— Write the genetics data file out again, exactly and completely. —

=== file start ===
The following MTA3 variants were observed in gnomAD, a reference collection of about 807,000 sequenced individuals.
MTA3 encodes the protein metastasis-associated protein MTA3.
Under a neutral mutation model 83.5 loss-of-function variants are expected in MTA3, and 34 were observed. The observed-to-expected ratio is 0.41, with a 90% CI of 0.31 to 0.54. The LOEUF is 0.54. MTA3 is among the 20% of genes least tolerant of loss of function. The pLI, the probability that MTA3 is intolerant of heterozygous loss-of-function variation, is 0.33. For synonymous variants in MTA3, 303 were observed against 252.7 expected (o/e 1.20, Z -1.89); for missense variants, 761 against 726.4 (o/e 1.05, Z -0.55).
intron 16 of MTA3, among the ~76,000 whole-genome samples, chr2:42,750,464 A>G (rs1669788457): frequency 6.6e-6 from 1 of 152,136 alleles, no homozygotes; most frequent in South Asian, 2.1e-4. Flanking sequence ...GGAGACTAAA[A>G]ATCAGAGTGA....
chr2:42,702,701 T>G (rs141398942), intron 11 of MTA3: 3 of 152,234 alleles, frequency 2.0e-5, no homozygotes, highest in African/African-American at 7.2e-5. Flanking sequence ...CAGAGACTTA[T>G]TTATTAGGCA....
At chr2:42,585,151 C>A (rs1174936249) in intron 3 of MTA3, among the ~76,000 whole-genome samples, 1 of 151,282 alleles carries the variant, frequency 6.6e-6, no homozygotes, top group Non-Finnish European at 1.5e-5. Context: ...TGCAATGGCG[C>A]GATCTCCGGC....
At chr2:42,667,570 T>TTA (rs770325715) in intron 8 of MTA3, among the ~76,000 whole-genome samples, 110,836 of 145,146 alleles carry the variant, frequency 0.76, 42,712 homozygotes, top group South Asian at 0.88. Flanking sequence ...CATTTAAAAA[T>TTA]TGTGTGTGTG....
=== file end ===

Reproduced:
The following MTA3 variants were observed in gnomAD, a reference collection of about 807,000 sequenced individuals.
MTA3 encodes the protein metastasis-associated protein MTA3.
Under a neutral mutation model 83.5 loss-of-function variants are expected in MTA3, and 34 were observed. The observed-to-expected ratio is 0.41, with a 90% CI of 0.31 to 0.54. The LOEUF is 0.54. MTA3 is among the 20% of genes least tolerant of loss of function. The pLI, the probability that MTA3 is intolerant of heterozygous loss-of-function variation, is 0.33. For synonymous variants in MTA3, 303 were observed against 252.7 expected (o/e 1.20, Z -1.89); for missense variants, 761 against 726.4 (o/e 1.05, Z -0.55).
intron 16 of MTA3, among the ~76,000 whole-genome samples, chr2:42,750,464 A>G (rs1669788457): frequency 6.6e-6 from 1 of 152,136 alleles, no homozygotes; most frequent in South Asian, 2.1e-4. Flanking sequence ...GGAGACTAAA[A>G]ATCAGAGTGA....
chr2:42,702,701 T>G (rs141398942), intron 11 of MTA3: 3 of 152,234 alleles, frequency 2.0e-5, no homozygotes, highest in African/African-American at 7.2e-5. Flanking sequence ...CAGAGACTTA[T>G]TTATTAGGCA....
At chr2:42,585,151 C>A (rs1174936249) in intron 3 of MTA3, among the ~76,000 whole-genome samples, 1 of 151,282 alleles carries the variant, frequency 6.6e-6, no homozygotes, top group Non-Finnish European at 1.5e-5. Context: ...TGCAATGGCG[C>A]GATCTCCGGC....
At chr2:42,667,570 T>TTA (rs770325715) in intron 8 of MTA3, among the ~76,000 whole-genome samples, 110,836 of 145,146 alleles carry the variant, frequency 0.76, 42,712 homozygotes, top group South Asian at 0.88. Flanking sequence ...CATTTAAAAA[T>TTA]TGTGTGTGTG....